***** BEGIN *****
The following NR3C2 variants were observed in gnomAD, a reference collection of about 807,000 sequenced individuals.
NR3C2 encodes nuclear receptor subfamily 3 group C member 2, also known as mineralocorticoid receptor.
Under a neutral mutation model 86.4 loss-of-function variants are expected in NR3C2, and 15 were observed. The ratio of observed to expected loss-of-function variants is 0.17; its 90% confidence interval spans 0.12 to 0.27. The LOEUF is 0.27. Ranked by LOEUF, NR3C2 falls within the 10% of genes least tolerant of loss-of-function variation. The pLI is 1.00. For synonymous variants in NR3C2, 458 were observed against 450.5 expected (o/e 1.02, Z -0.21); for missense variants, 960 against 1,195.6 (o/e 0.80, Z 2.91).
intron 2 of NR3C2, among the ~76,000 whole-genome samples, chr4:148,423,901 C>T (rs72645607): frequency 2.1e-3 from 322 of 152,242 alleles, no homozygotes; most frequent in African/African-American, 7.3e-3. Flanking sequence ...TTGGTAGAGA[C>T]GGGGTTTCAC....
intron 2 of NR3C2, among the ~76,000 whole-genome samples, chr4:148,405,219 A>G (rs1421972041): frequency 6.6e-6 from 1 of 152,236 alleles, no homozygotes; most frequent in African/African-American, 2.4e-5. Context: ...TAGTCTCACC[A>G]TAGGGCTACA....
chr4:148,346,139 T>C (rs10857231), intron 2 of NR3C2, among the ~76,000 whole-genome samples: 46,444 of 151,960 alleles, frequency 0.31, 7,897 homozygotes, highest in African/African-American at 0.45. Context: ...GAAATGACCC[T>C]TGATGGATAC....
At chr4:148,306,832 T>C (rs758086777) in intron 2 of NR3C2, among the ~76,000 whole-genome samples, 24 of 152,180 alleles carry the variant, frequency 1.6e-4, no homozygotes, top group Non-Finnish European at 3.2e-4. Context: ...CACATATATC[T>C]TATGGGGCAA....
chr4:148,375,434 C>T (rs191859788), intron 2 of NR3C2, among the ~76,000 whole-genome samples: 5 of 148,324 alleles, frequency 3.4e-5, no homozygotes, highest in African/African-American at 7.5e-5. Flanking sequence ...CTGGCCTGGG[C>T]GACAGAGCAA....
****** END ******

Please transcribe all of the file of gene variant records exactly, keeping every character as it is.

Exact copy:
The following NR3C2 variants were observed in gnomAD, a reference collection of about 807,000 sequenced individuals.
NR3C2 encodes nuclear receptor subfamily 3 group C member 2, also known as mineralocorticoid receptor.
Under a neutral mutation model 86.4 loss-of-function variants are expected in NR3C2, and 15 were observed. The ratio of observed to expected loss-of-function variants is 0.17; its 90% confidence interval spans 0.12 to 0.27. The LOEUF is 0.27. Ranked by LOEUF, NR3C2 falls within the 10% of genes least tolerant of loss-of-function variation. The pLI is 1.00. For synonymous variants in NR3C2, 458 were observed against 450.5 expected (o/e 1.02, Z -0.21); for missense variants, 960 against 1,195.6 (o/e 0.80, Z 2.91).
intron 2 of NR3C2, among the ~76,000 whole-genome samples, chr4:148,423,901 C>T (rs72645607): frequency 2.1e-3 from 322 of 152,242 alleles, no homozygotes; most frequent in African/African-American, 7.3e-3. Flanking sequence ...TTGGTAGAGA[C>T]GGGGTTTCAC....
intron 2 of NR3C2, among the ~76,000 whole-genome samples, chr4:148,405,219 A>G (rs1421972041): frequency 6.6e-6 from 1 of 152,236 alleles, no homozygotes; most frequent in African/African-American, 2.4e-5. Context: ...TAGTCTCACC[A>G]TAGGGCTACA....
chr4:148,346,139 T>C (rs10857231), intron 2 of NR3C2, among the ~76,000 whole-genome samples: 46,444 of 151,960 alleles, frequency 0.31, 7,897 homozygotes, highest in African/African-American at 0.45. Context: ...GAAATGACCC[T>C]TGATGGATAC....
At chr4:148,306,832 T>C (rs758086777) in intron 2 of NR3C2, among the ~76,000 whole-genome samples, 24 of 152,180 alleles carry the variant, frequency 1.6e-4, no homozygotes, top group Non-Finnish European at 3.2e-4. Context: ...CACATATATC[T>C]TATGGGGCAA....
chr4:148,375,434 C>T (rs191859788), intron 2 of NR3C2, among the ~76,000 whole-genome samples: 5 of 148,324 alleles, frequency 3.4e-5, no homozygotes, highest in African/African-American at 7.5e-5. Flanking sequence ...CTGGCCTGGG[C>T]GACAGAGCAA....